We have presented, in a previous study, a new approach to detect, characterize and estimate the size of gaseous emboli, based on the nonlinear behavior of gaseous bubbles. In this study, a specific transducer design has been developed to be used for such a purpose. It is composed of two separate transmitting and receiving capabilities. The transmit part, consisting of a lead zirconate-titanate (PZT) material, emits at a frequency of 500 kHz and could generate pressures up to 410 kPa. On the top of the transmit surface, a thin polyvinylidene difluoride (PVDF) layer is glued and used for receiving frequencies from 250 kHz (f0/2) up to 2.5 MHz (5 f0). To evaluate this new design, ultrasonic measurements were carried out with gas bubbles with diameters ranging from 10 ¿m up to 90 ¿m and solid particles between 350 ¿m and 550 ¿m. The experimental results confirmed our previous findings: gaseous emboli with a diameter close to the resonance size scatter significantly at higher harmonic components (from the second harmonic up to the fifth), and bubbles with a diameter around twice the resonance size produce a subharmonic and/or an ultraharmonic component. Meanwhile, solid particles and other bubble sizes behave only linearly and their scattered spectrum appeared without any harmonics. The study demonstrates the utility of this approach in using a single transducer to detect and characterize selective gaseous emboli from other particles using their nonlinear behavior.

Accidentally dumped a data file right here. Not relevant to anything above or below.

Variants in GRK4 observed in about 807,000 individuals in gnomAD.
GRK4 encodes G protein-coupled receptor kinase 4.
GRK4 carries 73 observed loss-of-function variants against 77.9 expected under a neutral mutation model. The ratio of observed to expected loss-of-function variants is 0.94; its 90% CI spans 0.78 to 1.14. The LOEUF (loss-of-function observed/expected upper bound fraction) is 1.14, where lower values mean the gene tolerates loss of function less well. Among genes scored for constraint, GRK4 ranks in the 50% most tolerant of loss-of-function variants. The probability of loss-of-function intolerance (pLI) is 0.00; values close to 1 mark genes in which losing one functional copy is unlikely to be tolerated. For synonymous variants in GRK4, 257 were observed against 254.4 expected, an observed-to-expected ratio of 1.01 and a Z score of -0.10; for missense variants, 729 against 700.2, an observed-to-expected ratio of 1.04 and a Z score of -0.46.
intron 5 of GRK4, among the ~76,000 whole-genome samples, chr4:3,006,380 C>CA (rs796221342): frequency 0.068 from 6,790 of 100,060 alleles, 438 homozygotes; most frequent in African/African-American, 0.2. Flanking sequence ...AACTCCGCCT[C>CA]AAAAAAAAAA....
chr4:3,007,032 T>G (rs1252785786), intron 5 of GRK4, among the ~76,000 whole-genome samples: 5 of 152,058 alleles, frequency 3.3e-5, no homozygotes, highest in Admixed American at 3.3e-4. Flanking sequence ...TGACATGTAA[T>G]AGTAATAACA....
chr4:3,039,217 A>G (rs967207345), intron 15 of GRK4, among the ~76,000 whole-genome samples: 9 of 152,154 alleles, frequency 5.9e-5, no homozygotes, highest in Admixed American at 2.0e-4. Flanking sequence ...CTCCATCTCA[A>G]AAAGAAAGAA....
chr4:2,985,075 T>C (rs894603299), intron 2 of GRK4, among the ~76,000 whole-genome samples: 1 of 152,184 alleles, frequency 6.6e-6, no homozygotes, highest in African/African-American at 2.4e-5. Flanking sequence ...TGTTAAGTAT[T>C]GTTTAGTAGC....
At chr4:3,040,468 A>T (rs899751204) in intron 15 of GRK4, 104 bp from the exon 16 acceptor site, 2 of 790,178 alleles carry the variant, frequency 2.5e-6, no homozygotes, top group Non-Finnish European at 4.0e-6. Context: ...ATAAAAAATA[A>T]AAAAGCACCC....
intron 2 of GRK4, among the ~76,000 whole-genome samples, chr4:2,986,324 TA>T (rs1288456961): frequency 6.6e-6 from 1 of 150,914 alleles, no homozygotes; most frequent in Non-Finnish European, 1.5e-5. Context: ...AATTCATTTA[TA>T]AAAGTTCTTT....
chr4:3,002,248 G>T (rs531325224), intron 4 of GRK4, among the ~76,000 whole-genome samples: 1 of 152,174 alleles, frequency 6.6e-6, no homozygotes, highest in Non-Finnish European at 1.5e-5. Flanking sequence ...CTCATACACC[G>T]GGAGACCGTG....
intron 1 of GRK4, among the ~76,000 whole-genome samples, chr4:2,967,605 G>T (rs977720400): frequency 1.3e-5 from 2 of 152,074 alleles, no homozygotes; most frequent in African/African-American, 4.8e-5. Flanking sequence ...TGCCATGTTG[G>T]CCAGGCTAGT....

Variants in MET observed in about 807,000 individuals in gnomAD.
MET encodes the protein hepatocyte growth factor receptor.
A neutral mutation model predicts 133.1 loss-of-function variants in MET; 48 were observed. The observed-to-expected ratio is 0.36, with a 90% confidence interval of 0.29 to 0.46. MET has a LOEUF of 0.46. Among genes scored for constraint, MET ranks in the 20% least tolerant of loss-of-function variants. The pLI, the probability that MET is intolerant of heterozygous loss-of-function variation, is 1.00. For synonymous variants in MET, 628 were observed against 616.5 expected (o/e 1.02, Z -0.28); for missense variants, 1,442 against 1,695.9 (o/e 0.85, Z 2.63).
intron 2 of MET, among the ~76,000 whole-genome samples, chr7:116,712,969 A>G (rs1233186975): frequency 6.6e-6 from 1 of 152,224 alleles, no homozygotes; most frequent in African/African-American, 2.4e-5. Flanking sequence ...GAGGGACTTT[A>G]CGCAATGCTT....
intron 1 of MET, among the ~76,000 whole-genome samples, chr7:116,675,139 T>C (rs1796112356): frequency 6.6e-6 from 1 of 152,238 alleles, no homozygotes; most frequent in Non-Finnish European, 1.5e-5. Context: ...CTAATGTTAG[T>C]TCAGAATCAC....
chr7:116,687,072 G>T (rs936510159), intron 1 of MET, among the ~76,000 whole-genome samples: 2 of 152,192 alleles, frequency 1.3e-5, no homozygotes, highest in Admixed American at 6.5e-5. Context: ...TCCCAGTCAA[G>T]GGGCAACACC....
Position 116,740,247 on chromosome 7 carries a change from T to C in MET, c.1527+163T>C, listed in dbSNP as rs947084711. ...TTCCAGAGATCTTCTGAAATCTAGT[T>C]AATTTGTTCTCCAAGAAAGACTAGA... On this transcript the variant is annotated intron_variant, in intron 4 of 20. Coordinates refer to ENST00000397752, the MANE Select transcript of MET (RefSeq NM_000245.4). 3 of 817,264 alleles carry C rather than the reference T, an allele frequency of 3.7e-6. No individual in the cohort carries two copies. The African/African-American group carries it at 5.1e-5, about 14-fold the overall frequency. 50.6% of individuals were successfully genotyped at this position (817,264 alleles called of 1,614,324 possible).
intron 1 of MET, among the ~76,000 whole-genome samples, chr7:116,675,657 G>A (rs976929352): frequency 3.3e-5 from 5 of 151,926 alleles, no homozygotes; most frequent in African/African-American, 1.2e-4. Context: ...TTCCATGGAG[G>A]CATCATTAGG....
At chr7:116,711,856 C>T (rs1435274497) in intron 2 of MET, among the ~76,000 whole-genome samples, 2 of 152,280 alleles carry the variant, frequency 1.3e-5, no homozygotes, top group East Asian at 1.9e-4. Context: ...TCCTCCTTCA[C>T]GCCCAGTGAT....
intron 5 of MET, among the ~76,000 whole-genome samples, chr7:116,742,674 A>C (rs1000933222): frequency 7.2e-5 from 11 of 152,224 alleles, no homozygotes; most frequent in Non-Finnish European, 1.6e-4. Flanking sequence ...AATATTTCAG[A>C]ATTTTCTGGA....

|Number of pages||4|
|Journal||Ultrasound in medicine and biology|
|Publication status||Published - 2004|
- Radiofrequency signal,
- Emboli characterization